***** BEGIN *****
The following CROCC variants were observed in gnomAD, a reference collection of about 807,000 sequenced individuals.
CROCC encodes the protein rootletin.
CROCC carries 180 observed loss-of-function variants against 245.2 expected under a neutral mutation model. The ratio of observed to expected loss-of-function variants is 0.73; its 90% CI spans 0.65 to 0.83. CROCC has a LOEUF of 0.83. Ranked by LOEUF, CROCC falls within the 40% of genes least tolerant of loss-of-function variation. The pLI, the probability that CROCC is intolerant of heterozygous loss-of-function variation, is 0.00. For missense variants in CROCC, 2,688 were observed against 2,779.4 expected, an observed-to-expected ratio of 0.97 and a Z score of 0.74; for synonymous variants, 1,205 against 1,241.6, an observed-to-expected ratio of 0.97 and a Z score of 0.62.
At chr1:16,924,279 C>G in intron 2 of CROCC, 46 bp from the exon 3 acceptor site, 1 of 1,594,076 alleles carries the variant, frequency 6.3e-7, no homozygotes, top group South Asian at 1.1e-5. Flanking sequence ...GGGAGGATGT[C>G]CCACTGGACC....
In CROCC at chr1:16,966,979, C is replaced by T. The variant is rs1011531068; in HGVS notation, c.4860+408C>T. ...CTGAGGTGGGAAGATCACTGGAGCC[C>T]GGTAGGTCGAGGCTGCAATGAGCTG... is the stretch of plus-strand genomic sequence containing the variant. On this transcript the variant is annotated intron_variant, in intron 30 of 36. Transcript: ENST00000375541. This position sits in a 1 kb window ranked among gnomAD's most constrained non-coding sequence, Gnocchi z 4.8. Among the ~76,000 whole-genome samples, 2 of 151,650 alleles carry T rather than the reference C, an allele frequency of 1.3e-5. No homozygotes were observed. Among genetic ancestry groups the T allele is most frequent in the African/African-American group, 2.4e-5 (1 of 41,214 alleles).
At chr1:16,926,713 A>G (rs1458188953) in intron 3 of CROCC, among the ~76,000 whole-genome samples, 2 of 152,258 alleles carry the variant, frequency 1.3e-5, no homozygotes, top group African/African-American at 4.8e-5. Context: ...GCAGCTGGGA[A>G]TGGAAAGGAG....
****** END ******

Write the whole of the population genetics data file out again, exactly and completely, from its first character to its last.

The following CROCC variants were observed in gnomAD, a reference collection of about 807,000 sequenced individuals.
CROCC encodes the protein rootletin.
CROCC carries 180 observed loss-of-function variants against 245.2 expected under a neutral mutation model. The ratio of observed to expected loss-of-function variants is 0.73; its 90% CI spans 0.65 to 0.83. CROCC has a LOEUF of 0.83. Ranked by LOEUF, CROCC falls within the 40% of genes least tolerant of loss-of-function variation. The pLI, the probability that CROCC is intolerant of heterozygous loss-of-function variation, is 0.00. For missense variants in CROCC, 2,688 were observed against 2,779.4 expected, an observed-to-expected ratio of 0.97 and a Z score of 0.74; for synonymous variants, 1,205 against 1,241.6, an observed-to-expected ratio of 0.97 and a Z score of 0.62.
At chr1:16,924,279 C>G in intron 2 of CROCC, 46 bp from the exon 3 acceptor site, 1 of 1,594,076 alleles carries the variant, frequency 6.3e-7, no homozygotes, top group South Asian at 1.1e-5. Flanking sequence ...GGGAGGATGT[C>G]CCACTGGACC....
In CROCC at chr1:16,966,979, C is replaced by T. The variant is rs1011531068; in HGVS notation, c.4860+408C>T. ...CTGAGGTGGGAAGATCACTGGAGCC[C>T]GGTAGGTCGAGGCTGCAATGAGCTG... is the stretch of plus-strand genomic sequence containing the variant. On this transcript the variant is annotated intron_variant, in intron 30 of 36. Transcript: ENST00000375541. This position sits in a 1 kb window ranked among gnomAD's most constrained non-coding sequence, Gnocchi z 4.8. Among the ~76,000 whole-genome samples, 2 of 151,650 alleles carry T rather than the reference C, an allele frequency of 1.3e-5. No homozygotes were observed. Among genetic ancestry groups the T allele is most frequent in the African/African-American group, 2.4e-5 (1 of 41,214 alleles).
At chr1:16,926,713 A>G (rs1458188953) in intron 3 of CROCC, among the ~76,000 whole-genome samples, 2 of 152,258 alleles carry the variant, frequency 1.3e-5, no homozygotes, top group African/African-American at 4.8e-5. Context: ...GCAGCTGGGA[A>G]TGGAAAGGAG....